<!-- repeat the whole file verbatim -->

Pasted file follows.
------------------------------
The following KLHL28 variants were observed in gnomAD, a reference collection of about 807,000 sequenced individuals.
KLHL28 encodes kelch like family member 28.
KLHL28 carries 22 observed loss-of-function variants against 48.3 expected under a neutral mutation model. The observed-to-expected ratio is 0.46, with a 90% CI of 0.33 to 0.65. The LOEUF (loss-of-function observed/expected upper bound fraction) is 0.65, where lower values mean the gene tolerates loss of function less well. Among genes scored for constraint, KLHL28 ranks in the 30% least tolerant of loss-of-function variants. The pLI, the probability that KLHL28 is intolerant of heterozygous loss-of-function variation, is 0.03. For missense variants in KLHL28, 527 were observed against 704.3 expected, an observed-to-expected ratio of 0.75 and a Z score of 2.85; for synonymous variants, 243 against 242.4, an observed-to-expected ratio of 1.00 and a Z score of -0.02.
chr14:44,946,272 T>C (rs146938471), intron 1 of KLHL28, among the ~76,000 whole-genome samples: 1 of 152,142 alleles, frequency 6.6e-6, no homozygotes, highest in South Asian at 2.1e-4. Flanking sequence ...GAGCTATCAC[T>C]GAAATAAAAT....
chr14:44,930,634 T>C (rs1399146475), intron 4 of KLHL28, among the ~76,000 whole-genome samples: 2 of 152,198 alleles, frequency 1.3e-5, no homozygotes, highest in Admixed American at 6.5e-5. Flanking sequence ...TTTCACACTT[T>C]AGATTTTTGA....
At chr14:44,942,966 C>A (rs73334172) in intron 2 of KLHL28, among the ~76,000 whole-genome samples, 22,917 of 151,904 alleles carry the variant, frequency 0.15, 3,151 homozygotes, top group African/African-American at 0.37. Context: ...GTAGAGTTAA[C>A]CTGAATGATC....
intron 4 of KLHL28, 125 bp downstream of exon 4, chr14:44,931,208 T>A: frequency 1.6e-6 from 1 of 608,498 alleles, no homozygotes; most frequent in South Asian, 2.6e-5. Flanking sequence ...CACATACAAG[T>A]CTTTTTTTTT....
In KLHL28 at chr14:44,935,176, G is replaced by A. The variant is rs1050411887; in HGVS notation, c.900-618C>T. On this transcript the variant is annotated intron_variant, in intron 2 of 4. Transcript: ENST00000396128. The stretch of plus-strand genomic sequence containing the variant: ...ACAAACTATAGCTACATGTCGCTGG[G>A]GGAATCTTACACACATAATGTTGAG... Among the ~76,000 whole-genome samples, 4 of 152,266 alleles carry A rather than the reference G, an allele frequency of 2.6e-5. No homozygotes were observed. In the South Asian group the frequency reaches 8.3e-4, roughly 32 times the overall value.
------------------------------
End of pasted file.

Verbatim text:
The following KLHL28 variants were observed in gnomAD, a reference collection of about 807,000 sequenced individuals.
KLHL28 encodes kelch like family member 28.
KLHL28 carries 22 observed loss-of-function variants against 48.3 expected under a neutral mutation model. The observed-to-expected ratio is 0.46, with a 90% CI of 0.33 to 0.65. The LOEUF (loss-of-function observed/expected upper bound fraction) is 0.65, where lower values mean the gene tolerates loss of function less well. Among genes scored for constraint, KLHL28 ranks in the 30% least tolerant of loss-of-function variants. The pLI, the probability that KLHL28 is intolerant of heterozygous loss-of-function variation, is 0.03. For missense variants in KLHL28, 527 were observed against 704.3 expected, an observed-to-expected ratio of 0.75 and a Z score of 2.85; for synonymous variants, 243 against 242.4, an observed-to-expected ratio of 1.00 and a Z score of -0.02.
chr14:44,946,272 T>C (rs146938471), intron 1 of KLHL28, among the ~76,000 whole-genome samples: 1 of 152,142 alleles, frequency 6.6e-6, no homozygotes, highest in South Asian at 2.1e-4. Flanking sequence ...GAGCTATCAC[T>C]GAAATAAAAT....
chr14:44,930,634 T>C (rs1399146475), intron 4 of KLHL28, among the ~76,000 whole-genome samples: 2 of 152,198 alleles, frequency 1.3e-5, no homozygotes, highest in Admixed American at 6.5e-5. Flanking sequence ...TTTCACACTT[T>C]AGATTTTTGA....
At chr14:44,942,966 C>A (rs73334172) in intron 2 of KLHL28, among the ~76,000 whole-genome samples, 22,917 of 151,904 alleles carry the variant, frequency 0.15, 3,151 homozygotes, top group African/African-American at 0.37. Context: ...GTAGAGTTAA[C>A]CTGAATGATC....
intron 4 of KLHL28, 125 bp downstream of exon 4, chr14:44,931,208 T>A: frequency 1.6e-6 from 1 of 608,498 alleles, no homozygotes; most frequent in South Asian, 2.6e-5. Flanking sequence ...CACATACAAG[T>A]CTTTTTTTTT....
In KLHL28 at chr14:44,935,176, G is replaced by A. The variant is rs1050411887; in HGVS notation, c.900-618C>T. On this transcript the variant is annotated intron_variant, in intron 2 of 4. Transcript: ENST00000396128. The stretch of plus-strand genomic sequence containing the variant: ...ACAAACTATAGCTACATGTCGCTGG[G>A]GGAATCTTACACACATAATGTTGAG... Among the ~76,000 whole-genome samples, 4 of 152,266 alleles carry A rather than the reference G, an allele frequency of 2.6e-5. No homozygotes were observed. In the South Asian group the frequency reaches 8.3e-4, roughly 32 times the overall value.